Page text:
Geoff Nuttall bounds into his second season as Spoleto's chamber series director 

Pumped Up

Geoff Nuttall settles in with a diverse blend of new and old chamber music

William Struhs

Geoff Nuttall settles in with a diverse blend of new and old chamber music

It didn't take a psychic to see that Charles Wadsworth had been grooming Geoff Nuttall for several years to take over the Spoleto Festival USA's Chamber Music Series. Wadsworth was obviously nearing retirement, and he'd often turn the stage over to Nuttall to explain the musical selections of his St. Lawrence String Quartet to the audience. Not only did Nuttall share his mentor's passion for chamber music, but he also took a delightfully laid-back approach to it. Still, their respective styles and brands of humor were often quite different.

Wadsworth was the festival's wise and dignified but irreverent old grandpa whose musical judgment you could trust. Nuttall also proves his trustworthiness but in a completely different way. For one, he's of a younger generation, and he uses the language and expressive devices of today, slang and all. He bounds on and offstage and positively crackles with energy and enthusiasm. His whimsical, uninhibited streak is much more pronounced.

That quality sank in most convincingly just last year, Nuttall's first as the series music director, when I observed him tussling with his adorable little boy Jack, now four, in a Dock Street Theatre side room between shows. They darted madly about in a game of chase and ended up rolling around on the floor with lots of growling, giggling, tickling, and other distinctly undignified shenanigans. And he didn't care who saw him. Now, lots of doting daddies tussle with their boys, but here he was in the dignified Dock Street totally oblivious to the people around him. It revealed his joyfully uninhibited personality. "Sometimes you've got to revert back to a kid's level to fully appreciate their constant sense of wonder and how they learn," he says. "It helps me to keep my own sense of wonder revved up."

Quite a bit of that irrepressible nature comes across onstage in both his emcee role and his music-making, yet it never obscures his reverence for music in the slightest. His language may be trendy, his demeanor may be almost comedic, but there's no doubt in anybody's mind that he is just as committed to his art as Wadsworth was.

Spoleto Executive Director Nigel Redden considers it a very successful succession. "Geoff has done an absolutely brilliant job keeping things personal, conversational, and immediate," he says. "But he's given it a different dimension by conveying his personal excitement about the music. And there's something special about a great musician explaining his reaction to a piece and what it means to perform it."

Despite the newness of Nuttall in the role of Spoleto's director of chamber music, the series remains largely unchanged. Many of the same musicians return year after year, and he continues to introduce rising artists. This year's newbies include young oboe wiz James Smith and fledgling violist Carolyn Blackwell.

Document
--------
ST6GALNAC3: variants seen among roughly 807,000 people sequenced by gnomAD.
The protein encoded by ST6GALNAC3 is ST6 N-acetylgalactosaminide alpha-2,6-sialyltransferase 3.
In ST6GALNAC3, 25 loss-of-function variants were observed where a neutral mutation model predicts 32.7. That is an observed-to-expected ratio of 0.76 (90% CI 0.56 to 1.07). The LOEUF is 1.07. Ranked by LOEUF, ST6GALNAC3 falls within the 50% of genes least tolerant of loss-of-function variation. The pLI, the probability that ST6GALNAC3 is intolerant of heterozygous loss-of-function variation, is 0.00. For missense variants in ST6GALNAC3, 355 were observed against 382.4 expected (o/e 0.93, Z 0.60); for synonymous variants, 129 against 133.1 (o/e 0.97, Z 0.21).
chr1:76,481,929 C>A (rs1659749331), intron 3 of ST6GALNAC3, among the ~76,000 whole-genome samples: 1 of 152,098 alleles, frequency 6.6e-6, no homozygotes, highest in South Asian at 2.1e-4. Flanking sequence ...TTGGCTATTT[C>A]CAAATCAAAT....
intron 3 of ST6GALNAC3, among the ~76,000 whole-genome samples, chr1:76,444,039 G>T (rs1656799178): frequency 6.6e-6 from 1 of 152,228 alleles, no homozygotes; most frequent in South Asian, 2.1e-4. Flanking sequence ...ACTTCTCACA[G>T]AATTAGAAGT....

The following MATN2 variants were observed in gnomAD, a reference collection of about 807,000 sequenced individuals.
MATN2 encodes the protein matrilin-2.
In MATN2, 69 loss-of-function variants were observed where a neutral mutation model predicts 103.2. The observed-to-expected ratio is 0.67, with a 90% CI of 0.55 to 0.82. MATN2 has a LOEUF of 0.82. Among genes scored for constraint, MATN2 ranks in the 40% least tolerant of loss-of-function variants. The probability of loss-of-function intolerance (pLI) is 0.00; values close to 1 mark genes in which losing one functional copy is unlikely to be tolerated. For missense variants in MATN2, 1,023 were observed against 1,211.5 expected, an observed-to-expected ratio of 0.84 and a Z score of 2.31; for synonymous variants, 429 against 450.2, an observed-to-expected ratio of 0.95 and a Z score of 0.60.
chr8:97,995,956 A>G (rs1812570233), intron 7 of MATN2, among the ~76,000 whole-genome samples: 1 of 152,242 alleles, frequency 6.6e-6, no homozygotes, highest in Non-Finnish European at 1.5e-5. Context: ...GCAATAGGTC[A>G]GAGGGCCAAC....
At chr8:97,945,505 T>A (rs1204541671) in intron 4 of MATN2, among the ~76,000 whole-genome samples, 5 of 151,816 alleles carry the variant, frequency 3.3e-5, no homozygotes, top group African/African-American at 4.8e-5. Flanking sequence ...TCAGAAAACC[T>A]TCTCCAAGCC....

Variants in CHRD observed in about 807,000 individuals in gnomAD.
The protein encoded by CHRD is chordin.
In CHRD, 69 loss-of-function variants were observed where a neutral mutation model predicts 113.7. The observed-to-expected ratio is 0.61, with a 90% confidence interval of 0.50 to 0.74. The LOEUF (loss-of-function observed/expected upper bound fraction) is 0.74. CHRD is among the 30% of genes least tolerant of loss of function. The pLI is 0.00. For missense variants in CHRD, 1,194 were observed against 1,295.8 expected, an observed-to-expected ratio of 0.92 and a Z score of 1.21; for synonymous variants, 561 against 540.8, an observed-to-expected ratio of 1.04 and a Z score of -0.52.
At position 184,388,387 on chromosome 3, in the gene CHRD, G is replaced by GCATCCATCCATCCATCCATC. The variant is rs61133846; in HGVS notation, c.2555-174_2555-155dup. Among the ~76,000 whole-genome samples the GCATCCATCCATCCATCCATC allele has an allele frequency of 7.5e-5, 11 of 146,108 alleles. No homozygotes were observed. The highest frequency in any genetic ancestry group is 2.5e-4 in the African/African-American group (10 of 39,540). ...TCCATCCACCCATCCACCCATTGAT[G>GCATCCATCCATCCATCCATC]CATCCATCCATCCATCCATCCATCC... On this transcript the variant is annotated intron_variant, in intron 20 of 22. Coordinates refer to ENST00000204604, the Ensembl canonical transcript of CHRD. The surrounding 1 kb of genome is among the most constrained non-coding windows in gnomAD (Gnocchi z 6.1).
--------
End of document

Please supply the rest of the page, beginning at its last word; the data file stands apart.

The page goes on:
His musical choices are likewise well-balanced, but we can expect him to schedule a higher ratio of music by contemporary composers like Kaija Saariaho and Osvaldo Golijov, who will be the series' composer-in-residence this year. In addition to new work by new composers, he also has plenty of the classics.

"I'm really pumped about the two 'mini-festivals' we'll be running this year," says Nuttall. One will offer some of Mozart's choicest chamber pieces, and the other will be devoted to Schubert, featuring his profound "cello quintet" as well as his bubbly "Trout Quintet."

Perhaps the biggest news this year is that all of the works comprising the series' usual 11 programs, which have long been withheld from the public until performance day, will be listed well in advance on the festival's website. In fact, they're up now for all to see. Prospective attendees can make program choices in keeping with what they think they'll like (or won't). "It's not necessarily a permanent policy change," says Nuttall. "But people have complained about all the secrecy for a long time, so we decided to try it this way at least once and see what happens."

Redden was even more emphatic about the switch. "Charles sought to preserve (Spoleto founder) Gian Carlo Menotti's original policy for historical and traditional reasons. But today's Spoleto USA is a very different festival than the Italian original. We've been considering the matter for many years, amid endless complaints. There are many reasons why it makes sense to give it a try." While he hesitated to put a "permanent" stamp on what he called this "experiment," he did add that, "Once we've made the change, it's going to be hard to take it back."

Lots of folks will indeed look back upon Wadsworth's reign with nostalgia. But he didn't take his series' A-list artists and quality with him when he stepped down. And they've still got the Dock Street, known far and wide as perhaps the nation's finest chamber music venue. And this new director has already brought new levels of energy, charisma, and sheer pizzazz to the proceedings. So what if he tests our musical mettle and sense of adventure with more new music than before? Bringing challenging and controversial art has always been a big part of what Spoleto's all about. So let's bear with him and see where he takes us.

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